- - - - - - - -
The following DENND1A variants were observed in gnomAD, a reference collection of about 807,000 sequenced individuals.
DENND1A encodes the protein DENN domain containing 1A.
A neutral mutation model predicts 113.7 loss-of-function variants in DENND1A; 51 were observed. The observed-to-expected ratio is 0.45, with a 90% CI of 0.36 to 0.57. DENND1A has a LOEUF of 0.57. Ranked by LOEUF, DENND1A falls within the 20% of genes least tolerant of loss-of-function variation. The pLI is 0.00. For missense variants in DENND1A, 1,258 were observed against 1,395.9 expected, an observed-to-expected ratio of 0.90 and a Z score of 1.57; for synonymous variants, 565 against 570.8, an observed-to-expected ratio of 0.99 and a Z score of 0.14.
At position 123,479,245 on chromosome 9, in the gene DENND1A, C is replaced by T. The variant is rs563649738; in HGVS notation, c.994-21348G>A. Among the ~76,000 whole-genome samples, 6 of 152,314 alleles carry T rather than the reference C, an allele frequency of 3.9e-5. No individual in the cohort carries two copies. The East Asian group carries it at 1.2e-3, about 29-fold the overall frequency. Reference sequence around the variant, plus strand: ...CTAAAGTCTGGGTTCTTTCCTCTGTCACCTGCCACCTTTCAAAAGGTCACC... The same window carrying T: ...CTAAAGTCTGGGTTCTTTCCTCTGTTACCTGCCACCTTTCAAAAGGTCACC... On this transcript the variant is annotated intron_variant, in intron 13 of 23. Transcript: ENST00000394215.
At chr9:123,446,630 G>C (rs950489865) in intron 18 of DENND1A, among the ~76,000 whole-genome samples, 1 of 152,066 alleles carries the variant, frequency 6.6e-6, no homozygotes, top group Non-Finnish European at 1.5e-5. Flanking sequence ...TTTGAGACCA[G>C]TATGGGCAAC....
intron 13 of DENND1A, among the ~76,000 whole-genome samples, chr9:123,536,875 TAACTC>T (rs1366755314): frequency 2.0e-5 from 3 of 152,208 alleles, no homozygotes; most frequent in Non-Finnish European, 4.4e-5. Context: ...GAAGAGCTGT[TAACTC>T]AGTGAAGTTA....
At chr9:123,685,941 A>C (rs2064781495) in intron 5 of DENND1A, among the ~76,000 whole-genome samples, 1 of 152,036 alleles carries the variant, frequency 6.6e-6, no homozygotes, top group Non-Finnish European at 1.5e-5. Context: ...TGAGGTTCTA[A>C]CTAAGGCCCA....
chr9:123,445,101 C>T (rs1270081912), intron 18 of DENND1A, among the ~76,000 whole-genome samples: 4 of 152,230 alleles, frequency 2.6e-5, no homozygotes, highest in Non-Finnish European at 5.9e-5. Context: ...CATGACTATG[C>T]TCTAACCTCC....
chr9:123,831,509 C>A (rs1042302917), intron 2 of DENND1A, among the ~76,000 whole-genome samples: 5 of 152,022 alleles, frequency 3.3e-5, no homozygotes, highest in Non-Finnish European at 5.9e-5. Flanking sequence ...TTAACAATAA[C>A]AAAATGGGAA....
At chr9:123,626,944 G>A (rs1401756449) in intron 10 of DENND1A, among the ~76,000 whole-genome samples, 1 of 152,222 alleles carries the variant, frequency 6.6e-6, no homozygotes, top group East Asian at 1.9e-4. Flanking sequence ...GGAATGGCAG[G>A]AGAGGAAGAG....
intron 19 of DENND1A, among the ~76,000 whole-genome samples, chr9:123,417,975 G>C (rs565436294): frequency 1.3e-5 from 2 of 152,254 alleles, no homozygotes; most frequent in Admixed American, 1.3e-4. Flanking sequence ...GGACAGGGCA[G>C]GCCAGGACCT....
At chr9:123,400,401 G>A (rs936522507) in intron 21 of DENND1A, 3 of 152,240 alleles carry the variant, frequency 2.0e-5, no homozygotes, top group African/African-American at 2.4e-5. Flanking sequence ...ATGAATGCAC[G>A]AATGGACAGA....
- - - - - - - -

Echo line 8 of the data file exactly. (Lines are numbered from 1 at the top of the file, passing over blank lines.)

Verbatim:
chr9:123,445,101 C>T (rs1270081912), intron 18 of DENND1A, among the ~76,000 whole-genome samples: 4 of 152,230 alleles, frequency 2.6e-5, no homozygotes, highest in Non-Finnish European at 5.9e-5. Context: ...CATGACTATG[C>T]TCTAACCTCC....